Because certain NFL talent evaluators, including the Bears' front office, were of the mindset that with a healthy offseason of training under his belt, Urlacher still had the potential to be an effective player in 2013.
Former Denver Broncos general manager Ted Sundquist said two weeks ago on ESPN 1000's “Chicago's Gamenight” that he expected interest in Urlacher to start picking up after June 1 when teams are in a better position to free up additional salary cap space before heading to training camp in July.
"Absolutely, I absolutely would (take a hard look at Urlacher)," Sundquist said. "Now, is Brian Urlacher the same guy he was a number of years ago? No. But he brings a savvy, an understanding, an instinct and a hard-nose style of play that you can build around. I look for players at this particular point in their career to raise the level of other players around them. So yes, I would (take a strong look at him)."
But Urlacher didn't sound comfortable with the prospect of just being an OK player this fall. When a person achieves a level of greatness at his or her profession over a long period of time, anything less than great results are usually deemed unacceptable.
Urlacher conceded to ESPN 1000's “Waddle and Silvy Show” that his problematic knee “felt great," but he seemed to partially base his decision to retire on the reality that he would never be the same player he was before the injury at the end of the 2011 regular season.
“My knee feels great, finally,” Urlacher said. “This is the first I got to work out and not just do rehab. ... But I can look at myself in the mirror and say 'There's no way I'll be the player I used to be, or what I think I need to be out there.' Mentally? Yeah, I have it. But physically, I'm not what I used to be. There's no doubt about that. My knee is never going to be the same. I saw that last year, even when I started getting better. I'll never be able to move like I want to. ... I can't do what I want to do and it's frustrating.
“We talked to every team in the NFL, and maybe in July or August it would have happened, but I'm not going to wait. I want to be somewhere where somebody wants me. I don't want to go somewhere where, 'Oh, so-and-so got hurt, we need you.' I don't want that to be the situation.”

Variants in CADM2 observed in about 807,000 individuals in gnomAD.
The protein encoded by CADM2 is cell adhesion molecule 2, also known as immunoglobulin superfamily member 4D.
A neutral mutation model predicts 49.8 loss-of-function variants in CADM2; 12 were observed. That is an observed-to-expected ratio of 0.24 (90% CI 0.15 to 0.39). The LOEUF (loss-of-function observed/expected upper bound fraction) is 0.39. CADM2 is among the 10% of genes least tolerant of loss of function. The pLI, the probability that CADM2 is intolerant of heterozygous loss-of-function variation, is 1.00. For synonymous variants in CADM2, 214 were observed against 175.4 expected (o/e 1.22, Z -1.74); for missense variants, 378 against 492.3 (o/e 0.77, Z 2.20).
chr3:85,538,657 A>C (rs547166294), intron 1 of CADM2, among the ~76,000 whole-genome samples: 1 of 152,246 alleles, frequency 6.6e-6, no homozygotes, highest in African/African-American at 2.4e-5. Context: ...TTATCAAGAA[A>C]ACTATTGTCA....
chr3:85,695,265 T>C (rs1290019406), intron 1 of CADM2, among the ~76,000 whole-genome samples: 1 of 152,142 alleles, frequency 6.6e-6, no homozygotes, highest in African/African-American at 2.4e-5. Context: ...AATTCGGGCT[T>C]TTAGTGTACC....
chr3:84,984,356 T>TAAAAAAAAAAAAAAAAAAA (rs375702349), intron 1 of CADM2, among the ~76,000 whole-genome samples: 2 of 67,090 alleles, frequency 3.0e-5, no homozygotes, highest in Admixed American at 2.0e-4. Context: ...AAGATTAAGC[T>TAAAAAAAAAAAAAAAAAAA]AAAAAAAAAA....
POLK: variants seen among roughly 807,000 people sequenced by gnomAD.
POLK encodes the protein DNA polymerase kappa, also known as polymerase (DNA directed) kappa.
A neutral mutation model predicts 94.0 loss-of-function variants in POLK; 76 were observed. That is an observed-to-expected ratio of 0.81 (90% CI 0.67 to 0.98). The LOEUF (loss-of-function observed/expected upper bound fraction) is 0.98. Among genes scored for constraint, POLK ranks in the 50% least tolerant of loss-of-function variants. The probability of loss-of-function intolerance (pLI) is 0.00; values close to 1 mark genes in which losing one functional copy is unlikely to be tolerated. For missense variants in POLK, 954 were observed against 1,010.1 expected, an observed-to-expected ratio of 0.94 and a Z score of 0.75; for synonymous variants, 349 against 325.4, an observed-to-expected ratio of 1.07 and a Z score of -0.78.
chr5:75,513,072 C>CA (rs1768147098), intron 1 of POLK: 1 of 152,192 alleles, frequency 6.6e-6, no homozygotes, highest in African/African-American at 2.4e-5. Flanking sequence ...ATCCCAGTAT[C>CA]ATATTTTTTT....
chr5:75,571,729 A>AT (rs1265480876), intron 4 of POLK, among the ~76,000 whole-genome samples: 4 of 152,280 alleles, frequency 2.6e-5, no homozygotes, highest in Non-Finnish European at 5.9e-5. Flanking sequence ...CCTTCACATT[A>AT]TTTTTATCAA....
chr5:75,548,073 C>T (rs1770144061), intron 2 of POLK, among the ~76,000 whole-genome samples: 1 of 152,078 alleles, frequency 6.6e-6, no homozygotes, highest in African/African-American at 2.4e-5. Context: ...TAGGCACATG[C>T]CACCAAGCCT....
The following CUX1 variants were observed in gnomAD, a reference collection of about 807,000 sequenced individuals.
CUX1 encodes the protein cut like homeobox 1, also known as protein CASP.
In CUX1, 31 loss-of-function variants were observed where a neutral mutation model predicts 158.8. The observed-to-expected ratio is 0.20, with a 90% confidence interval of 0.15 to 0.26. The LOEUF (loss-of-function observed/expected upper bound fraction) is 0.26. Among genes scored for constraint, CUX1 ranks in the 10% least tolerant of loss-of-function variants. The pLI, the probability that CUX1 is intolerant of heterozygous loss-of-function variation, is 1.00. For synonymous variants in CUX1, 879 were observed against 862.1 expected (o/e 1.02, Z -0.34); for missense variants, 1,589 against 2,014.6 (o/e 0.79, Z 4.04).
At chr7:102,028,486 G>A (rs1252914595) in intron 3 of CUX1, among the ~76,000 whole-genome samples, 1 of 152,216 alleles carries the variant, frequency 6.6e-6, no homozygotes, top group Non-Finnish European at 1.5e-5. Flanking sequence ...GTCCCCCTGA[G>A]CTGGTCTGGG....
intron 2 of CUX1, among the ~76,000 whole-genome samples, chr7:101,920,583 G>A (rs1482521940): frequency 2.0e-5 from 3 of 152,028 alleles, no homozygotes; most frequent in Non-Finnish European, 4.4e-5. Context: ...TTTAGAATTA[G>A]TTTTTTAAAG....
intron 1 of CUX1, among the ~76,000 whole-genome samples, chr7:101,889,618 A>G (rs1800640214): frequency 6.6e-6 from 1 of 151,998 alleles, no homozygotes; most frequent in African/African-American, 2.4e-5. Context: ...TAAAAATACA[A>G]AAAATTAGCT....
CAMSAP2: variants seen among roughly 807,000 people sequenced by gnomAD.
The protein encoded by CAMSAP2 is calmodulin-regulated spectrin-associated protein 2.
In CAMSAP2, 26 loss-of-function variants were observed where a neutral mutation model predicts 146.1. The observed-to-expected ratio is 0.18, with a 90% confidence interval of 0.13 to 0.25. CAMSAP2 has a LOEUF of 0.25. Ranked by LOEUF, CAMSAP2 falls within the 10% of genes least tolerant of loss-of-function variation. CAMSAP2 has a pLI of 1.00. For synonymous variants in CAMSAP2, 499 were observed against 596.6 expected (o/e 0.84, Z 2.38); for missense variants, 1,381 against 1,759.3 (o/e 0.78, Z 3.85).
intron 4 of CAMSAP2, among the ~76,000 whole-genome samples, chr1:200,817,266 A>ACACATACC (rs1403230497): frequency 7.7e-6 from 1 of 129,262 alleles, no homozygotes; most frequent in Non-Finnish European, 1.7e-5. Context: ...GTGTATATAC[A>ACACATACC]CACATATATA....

That's an understandable reaction from a player who achieved incredible success over a decorated 13-year NFL career and is financially set for the rest of his life, especially after his long-time head coach Lovie Smith got fired on December 31 -- Urlacher said he would “one-hundred percent” still be in a uniform if Smith had a head coaching gig in 2013.
But let's address the white elephant in the room: was Urlacher really that bad in 2012?
Outside of Baltimore's Terrell Suggs, can you name me another veteran player who could miss essentially the entire offseason and training camp due to a knee injury, show up cold Week 1, and still record 88 tackles, seven tackles-for-loss, two forced fumbles and return one interception 46 yards for a touchdown?
Urlacher shouldn't be chastised for his performance last year. He tried to pull off the impossible and actually got better as the year wore on before the hamstring injury versus Seattle prematurely ended his season with four games to go.
The greatest gift a player can receive is the chance to go out on his own terms. Urlacher sounds content and at peace with his decision, and in the end, that's what matters. But it doesn't sit well with me that Urlacher's final NFL play ended with him limping off the Soldier Field turf after the second-to-last snap of an overtime loss to Seattle.
In my mind, with a healthier knee, Urlacher starts 16 games and posts 100-plus tackles for some team in 2013. And who knows, maybe the team that ultimately would have signed Urlacher wins the Super Bowl and he goes out like the champion he is.
Guess we'll never know. And for me, that's kind of difficult to accept.
Matt Cashore/US PresswireJeff Samardzija said he was a fan of Brian Urlacher ever since his football days at ND.
Urlacher announced his retirement on Wednesday, after 13 years in the NFL, the same day Samardzija threw seven innings of one-run ball against the Pittsburgh Pirates. But the news of Urlacher's retirement didn't escape Samardzija.
"What a perfect guy to have in that spot on that team," Samardzija said. "I was always a fan of his, it's a sad day."
Samardzija grew up in northern Indiana and was an All-American receiver at Notre Dame, so he followed the Bears and Urlacher from the beginning of his career to the end.